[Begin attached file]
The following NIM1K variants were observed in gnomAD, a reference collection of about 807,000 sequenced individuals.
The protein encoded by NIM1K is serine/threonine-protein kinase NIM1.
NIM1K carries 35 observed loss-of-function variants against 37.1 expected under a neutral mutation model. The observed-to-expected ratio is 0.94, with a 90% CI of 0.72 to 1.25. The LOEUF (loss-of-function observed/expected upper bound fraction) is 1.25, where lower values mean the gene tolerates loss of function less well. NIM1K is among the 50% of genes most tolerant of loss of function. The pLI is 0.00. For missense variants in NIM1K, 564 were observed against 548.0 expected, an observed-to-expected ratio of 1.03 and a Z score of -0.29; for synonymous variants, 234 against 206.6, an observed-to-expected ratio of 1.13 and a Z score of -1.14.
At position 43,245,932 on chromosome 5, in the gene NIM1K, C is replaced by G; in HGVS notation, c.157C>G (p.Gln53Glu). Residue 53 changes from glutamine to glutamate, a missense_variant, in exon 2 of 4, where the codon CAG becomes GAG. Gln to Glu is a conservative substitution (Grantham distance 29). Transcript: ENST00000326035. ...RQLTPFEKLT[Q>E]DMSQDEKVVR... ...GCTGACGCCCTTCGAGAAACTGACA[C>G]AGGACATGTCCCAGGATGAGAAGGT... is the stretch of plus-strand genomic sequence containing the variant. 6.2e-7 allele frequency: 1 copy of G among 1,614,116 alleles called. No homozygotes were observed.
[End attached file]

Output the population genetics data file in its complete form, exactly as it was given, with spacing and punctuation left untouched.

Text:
The following NIM1K variants were observed in gnomAD, a reference collection of about 807,000 sequenced individuals.
The protein encoded by NIM1K is serine/threonine-protein kinase NIM1.
NIM1K carries 35 observed loss-of-function variants against 37.1 expected under a neutral mutation model. The observed-to-expected ratio is 0.94, with a 90% CI of 0.72 to 1.25. The LOEUF (loss-of-function observed/expected upper bound fraction) is 1.25, where lower values mean the gene tolerates loss of function less well. NIM1K is among the 50% of genes most tolerant of loss of function. The pLI is 0.00. For missense variants in NIM1K, 564 were observed against 548.0 expected, an observed-to-expected ratio of 1.03 and a Z score of -0.29; for synonymous variants, 234 against 206.6, an observed-to-expected ratio of 1.13 and a Z score of -1.14.
At position 43,245,932 on chromosome 5, in the gene NIM1K, C is replaced by G; in HGVS notation, c.157C>G (p.Gln53Glu). Residue 53 changes from glutamine to glutamate, a missense_variant, in exon 2 of 4, where the codon CAG becomes GAG. Gln to Glu is a conservative substitution (Grantham distance 29). Transcript: ENST00000326035. ...RQLTPFEKLT[Q>E]DMSQDEKVVR... ...GCTGACGCCCTTCGAGAAACTGACA[C>G]AGGACATGTCCCAGGATGAGAAGGT... is the stretch of plus-strand genomic sequence containing the variant. 6.2e-7 allele frequency: 1 copy of G among 1,614,116 alleles called. No homozygotes were observed.